MSU leads $4.7 million project to tackle childhood obesity
Michigan State University researchers will lead a $4.7 million effort to tackle childhood obesity, one of the nation’s biggest health challenges, the U.S. Department of Agriculture announced March 26.
The five-year project is part of a national $42-million initiative to address childhood obesity through the Agriculture and Food Research Initiative, which was authorized under the 2014 Farm Bill signed by President Obama on MSU’s campus.
The first year of the MSU project is funded at $833,509. USDA officials anticipate funding the four subsequent years of the initiative at slightly larger amounts, for a total of $4.7 million.
Holly Brophy-Herb, professor in the Department of Human Development and Family Studies in MSU’s College of Social Science, will lead a multidisciplinary team to address obesity prevention among families with preschoolers.
The team includes Mildred Horodynski from the MSU College of Nursing; Jean Kerver from the MSU Department of Epidemiology; Dawn Contreras from MSU Extension; Julie Lumeng and Niko Kaciroti from the University of Michigan; and the Jackson Community Action Agency Head Start.
Specifically, the study will look at healthy family mealtimes among low-income families.
"Healthy family mealtimes represent a key practice in obesity prevention and healthy lifestyles, yet few studies have examined the barriers economically vulnerable families may face in implementing frequent healthy family meals,” Brophy-Herb said.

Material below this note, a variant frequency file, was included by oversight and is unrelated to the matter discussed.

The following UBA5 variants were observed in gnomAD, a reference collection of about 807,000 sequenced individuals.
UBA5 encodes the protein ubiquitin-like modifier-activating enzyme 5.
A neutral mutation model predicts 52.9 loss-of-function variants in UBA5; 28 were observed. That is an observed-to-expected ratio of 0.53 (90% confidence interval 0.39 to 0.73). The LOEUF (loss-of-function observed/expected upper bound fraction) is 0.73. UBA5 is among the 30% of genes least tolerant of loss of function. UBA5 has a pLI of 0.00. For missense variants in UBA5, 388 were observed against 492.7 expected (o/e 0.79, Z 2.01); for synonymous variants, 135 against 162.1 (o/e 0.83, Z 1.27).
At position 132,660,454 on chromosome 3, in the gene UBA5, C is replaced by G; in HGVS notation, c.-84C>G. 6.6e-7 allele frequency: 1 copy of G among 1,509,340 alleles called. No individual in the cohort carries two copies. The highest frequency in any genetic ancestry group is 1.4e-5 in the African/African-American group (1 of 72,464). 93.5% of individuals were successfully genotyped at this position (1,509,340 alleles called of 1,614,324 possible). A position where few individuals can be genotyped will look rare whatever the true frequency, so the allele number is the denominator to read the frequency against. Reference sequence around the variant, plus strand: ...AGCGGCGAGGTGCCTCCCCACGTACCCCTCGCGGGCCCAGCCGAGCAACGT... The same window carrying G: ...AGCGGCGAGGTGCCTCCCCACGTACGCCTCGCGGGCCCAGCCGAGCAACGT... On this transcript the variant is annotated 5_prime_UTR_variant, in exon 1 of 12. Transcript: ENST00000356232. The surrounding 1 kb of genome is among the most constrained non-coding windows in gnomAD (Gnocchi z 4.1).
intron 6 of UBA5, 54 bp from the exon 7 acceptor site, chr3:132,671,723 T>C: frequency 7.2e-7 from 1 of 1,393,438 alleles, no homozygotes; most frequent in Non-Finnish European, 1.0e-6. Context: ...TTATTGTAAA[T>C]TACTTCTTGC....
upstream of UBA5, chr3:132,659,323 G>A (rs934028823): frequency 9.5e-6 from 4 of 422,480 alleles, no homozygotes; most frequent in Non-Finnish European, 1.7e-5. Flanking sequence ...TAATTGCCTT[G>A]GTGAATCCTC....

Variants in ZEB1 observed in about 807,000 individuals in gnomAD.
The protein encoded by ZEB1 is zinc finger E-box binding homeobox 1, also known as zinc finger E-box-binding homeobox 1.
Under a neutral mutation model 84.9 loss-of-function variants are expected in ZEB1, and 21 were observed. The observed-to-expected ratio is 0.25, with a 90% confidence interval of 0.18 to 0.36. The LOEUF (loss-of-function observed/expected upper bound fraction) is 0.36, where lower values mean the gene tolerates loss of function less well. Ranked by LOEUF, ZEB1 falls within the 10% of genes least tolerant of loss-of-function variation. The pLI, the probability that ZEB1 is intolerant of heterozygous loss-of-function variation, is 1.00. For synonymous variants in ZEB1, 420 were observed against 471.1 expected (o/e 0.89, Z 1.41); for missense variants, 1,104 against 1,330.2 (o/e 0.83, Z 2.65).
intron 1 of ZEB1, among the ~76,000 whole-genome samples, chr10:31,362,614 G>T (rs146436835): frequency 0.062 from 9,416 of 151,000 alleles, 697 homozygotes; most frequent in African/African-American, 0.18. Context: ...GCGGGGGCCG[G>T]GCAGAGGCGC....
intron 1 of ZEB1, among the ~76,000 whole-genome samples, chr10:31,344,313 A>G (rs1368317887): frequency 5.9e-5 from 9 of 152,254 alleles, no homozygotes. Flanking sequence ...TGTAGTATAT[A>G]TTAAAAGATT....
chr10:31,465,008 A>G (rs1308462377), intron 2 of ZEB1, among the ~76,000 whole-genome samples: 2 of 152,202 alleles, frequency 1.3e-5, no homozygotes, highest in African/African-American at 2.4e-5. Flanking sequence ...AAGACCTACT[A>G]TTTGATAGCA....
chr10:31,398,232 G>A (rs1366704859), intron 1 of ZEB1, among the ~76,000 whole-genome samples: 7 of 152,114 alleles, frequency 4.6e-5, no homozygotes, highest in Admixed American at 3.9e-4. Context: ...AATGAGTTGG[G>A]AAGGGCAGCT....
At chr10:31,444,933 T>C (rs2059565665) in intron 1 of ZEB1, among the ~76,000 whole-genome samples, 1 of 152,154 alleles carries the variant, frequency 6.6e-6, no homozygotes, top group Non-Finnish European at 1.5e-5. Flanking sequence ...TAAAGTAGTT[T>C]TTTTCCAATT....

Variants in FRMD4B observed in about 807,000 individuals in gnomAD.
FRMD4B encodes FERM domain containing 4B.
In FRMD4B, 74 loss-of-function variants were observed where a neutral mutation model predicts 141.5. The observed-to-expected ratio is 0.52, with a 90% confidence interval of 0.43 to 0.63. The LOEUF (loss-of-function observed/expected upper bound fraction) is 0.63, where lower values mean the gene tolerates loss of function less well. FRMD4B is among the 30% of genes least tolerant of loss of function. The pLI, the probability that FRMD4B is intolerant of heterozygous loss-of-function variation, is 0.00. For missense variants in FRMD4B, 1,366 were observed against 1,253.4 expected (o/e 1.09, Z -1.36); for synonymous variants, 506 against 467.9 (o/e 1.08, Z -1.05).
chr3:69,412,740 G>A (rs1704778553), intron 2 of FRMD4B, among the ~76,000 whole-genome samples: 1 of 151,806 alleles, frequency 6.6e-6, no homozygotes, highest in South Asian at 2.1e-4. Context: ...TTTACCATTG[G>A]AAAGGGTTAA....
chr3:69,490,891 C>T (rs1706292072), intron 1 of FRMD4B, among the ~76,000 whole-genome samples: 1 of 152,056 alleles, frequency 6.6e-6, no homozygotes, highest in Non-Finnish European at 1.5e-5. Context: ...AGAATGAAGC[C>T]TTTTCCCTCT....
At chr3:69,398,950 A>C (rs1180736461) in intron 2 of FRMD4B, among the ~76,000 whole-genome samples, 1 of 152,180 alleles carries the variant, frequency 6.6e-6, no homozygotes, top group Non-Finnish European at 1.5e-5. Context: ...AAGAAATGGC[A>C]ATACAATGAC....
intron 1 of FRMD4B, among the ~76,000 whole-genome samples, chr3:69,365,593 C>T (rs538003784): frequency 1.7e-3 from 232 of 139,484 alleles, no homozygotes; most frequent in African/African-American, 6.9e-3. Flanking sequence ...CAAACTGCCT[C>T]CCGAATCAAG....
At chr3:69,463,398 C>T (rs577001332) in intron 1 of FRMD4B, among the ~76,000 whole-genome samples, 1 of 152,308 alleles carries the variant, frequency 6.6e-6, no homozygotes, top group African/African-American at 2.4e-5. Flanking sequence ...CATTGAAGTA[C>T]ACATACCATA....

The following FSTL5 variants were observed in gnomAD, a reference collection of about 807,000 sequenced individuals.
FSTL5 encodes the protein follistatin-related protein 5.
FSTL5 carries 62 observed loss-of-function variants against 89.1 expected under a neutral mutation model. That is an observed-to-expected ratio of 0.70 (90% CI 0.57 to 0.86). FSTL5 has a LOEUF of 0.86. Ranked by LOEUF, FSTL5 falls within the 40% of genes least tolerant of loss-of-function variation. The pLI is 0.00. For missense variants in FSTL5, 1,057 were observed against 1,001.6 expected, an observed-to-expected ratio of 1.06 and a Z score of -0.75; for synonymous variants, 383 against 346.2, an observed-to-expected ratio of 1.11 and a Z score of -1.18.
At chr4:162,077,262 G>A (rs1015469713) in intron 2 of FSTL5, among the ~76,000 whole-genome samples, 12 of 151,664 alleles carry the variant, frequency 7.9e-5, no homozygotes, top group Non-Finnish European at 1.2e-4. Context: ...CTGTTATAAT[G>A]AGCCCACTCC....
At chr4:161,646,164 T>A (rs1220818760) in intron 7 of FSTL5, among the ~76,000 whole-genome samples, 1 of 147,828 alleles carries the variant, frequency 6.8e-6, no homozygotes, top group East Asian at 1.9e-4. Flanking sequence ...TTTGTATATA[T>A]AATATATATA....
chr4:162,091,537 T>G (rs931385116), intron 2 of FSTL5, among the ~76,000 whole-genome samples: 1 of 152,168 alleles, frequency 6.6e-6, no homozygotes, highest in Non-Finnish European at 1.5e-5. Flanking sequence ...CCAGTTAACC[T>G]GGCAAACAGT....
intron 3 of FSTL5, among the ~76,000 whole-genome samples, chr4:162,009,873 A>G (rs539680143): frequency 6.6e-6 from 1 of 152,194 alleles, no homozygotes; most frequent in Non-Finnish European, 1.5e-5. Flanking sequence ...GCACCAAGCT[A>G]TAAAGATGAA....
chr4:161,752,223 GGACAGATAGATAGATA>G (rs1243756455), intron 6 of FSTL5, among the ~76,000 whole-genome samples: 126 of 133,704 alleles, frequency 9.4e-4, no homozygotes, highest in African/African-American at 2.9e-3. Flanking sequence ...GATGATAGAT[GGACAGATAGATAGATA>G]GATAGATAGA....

“The primary goal of our study is to test the effectiveness of differing levels of support in increasing the frequency of healthy family meals,” she added. “Results from this study are expected to have important implications for policies related to supports for economically-vulnerable families and for the practices of family support programs aimed at increasing child and family health and well-being.”
Horodynski, a co-investigator on the project, also mentioned that the intent of the project is to provide a model for translational research that includes community participation concerning a highly significant problem.
In announcing the grants, Agriculture Secretary Tom Vilsack said one-third of America’s children are overweight or obese, making this issue one of the greatest health challenges facing our nation.
“It is critical that we make the effort to help our children be healthy kids, and develop into healthy adults,” Vilsack said.